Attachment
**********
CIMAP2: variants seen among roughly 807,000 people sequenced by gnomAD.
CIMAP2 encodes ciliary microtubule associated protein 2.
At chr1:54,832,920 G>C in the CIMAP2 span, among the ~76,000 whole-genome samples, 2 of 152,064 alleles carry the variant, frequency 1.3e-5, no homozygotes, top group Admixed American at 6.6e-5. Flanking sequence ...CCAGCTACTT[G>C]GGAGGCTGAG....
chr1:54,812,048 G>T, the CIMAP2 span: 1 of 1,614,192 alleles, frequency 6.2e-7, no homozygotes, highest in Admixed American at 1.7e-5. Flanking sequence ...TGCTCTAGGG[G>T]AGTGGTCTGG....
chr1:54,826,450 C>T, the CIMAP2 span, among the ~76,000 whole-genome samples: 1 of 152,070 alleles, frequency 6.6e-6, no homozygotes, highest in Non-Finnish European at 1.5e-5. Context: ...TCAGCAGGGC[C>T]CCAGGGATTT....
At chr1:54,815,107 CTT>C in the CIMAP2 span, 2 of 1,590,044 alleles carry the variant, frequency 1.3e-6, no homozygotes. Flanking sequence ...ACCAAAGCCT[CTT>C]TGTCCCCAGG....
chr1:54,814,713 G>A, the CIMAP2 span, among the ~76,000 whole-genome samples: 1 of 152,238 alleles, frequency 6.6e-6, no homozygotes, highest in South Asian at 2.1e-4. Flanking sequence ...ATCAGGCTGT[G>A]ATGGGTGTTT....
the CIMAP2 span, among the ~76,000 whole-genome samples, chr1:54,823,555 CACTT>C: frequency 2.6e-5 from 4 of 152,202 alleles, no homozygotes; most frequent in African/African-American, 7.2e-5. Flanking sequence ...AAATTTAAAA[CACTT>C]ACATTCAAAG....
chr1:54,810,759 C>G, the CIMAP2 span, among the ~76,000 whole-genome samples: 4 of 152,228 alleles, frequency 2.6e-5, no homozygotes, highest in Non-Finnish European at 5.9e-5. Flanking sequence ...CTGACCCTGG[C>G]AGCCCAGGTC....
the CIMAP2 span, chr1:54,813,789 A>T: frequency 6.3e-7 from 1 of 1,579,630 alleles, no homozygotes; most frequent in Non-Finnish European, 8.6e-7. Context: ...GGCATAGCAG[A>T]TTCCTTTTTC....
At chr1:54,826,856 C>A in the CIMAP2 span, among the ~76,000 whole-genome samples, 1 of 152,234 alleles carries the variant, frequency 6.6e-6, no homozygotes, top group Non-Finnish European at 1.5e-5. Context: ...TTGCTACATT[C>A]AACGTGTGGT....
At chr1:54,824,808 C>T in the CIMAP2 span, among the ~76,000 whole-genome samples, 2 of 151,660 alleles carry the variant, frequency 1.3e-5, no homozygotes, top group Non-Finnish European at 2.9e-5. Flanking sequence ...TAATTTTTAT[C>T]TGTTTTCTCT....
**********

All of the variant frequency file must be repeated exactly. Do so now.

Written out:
CIMAP2: variants seen among roughly 807,000 people sequenced by gnomAD.
CIMAP2 encodes ciliary microtubule associated protein 2.
At chr1:54,832,920 G>C in the CIMAP2 span, among the ~76,000 whole-genome samples, 2 of 152,064 alleles carry the variant, frequency 1.3e-5, no homozygotes, top group Admixed American at 6.6e-5. Flanking sequence ...CCAGCTACTT[G>C]GGAGGCTGAG....
chr1:54,812,048 G>T, the CIMAP2 span: 1 of 1,614,192 alleles, frequency 6.2e-7, no homozygotes, highest in Admixed American at 1.7e-5. Flanking sequence ...TGCTCTAGGG[G>T]AGTGGTCTGG....
chr1:54,826,450 C>T, the CIMAP2 span, among the ~76,000 whole-genome samples: 1 of 152,070 alleles, frequency 6.6e-6, no homozygotes, highest in Non-Finnish European at 1.5e-5. Context: ...TCAGCAGGGC[C>T]CCAGGGATTT....
At chr1:54,815,107 CTT>C in the CIMAP2 span, 2 of 1,590,044 alleles carry the variant, frequency 1.3e-6, no homozygotes. Flanking sequence ...ACCAAAGCCT[CTT>C]TGTCCCCAGG....
chr1:54,814,713 G>A, the CIMAP2 span, among the ~76,000 whole-genome samples: 1 of 152,238 alleles, frequency 6.6e-6, no homozygotes, highest in South Asian at 2.1e-4. Flanking sequence ...ATCAGGCTGT[G>A]ATGGGTGTTT....
the CIMAP2 span, among the ~76,000 whole-genome samples, chr1:54,823,555 CACTT>C: frequency 2.6e-5 from 4 of 152,202 alleles, no homozygotes; most frequent in African/African-American, 7.2e-5. Flanking sequence ...AAATTTAAAA[CACTT>C]ACATTCAAAG....
chr1:54,810,759 C>G, the CIMAP2 span, among the ~76,000 whole-genome samples: 4 of 152,228 alleles, frequency 2.6e-5, no homozygotes, highest in Non-Finnish European at 5.9e-5. Flanking sequence ...CTGACCCTGG[C>G]AGCCCAGGTC....
the CIMAP2 span, chr1:54,813,789 A>T: frequency 6.3e-7 from 1 of 1,579,630 alleles, no homozygotes; most frequent in Non-Finnish European, 8.6e-7. Context: ...GGCATAGCAG[A>T]TTCCTTTTTC....
At chr1:54,826,856 C>A in the CIMAP2 span, among the ~76,000 whole-genome samples, 1 of 152,234 alleles carries the variant, frequency 6.6e-6, no homozygotes, top group Non-Finnish European at 1.5e-5. Context: ...TTGCTACATT[C>A]AACGTGTGGT....
At chr1:54,824,808 C>T in the CIMAP2 span, among the ~76,000 whole-genome samples, 2 of 151,660 alleles carry the variant, frequency 1.3e-5, no homozygotes, top group Non-Finnish European at 2.9e-5. Flanking sequence ...TAATTTTTAT[C>T]TGTTTTCTCT....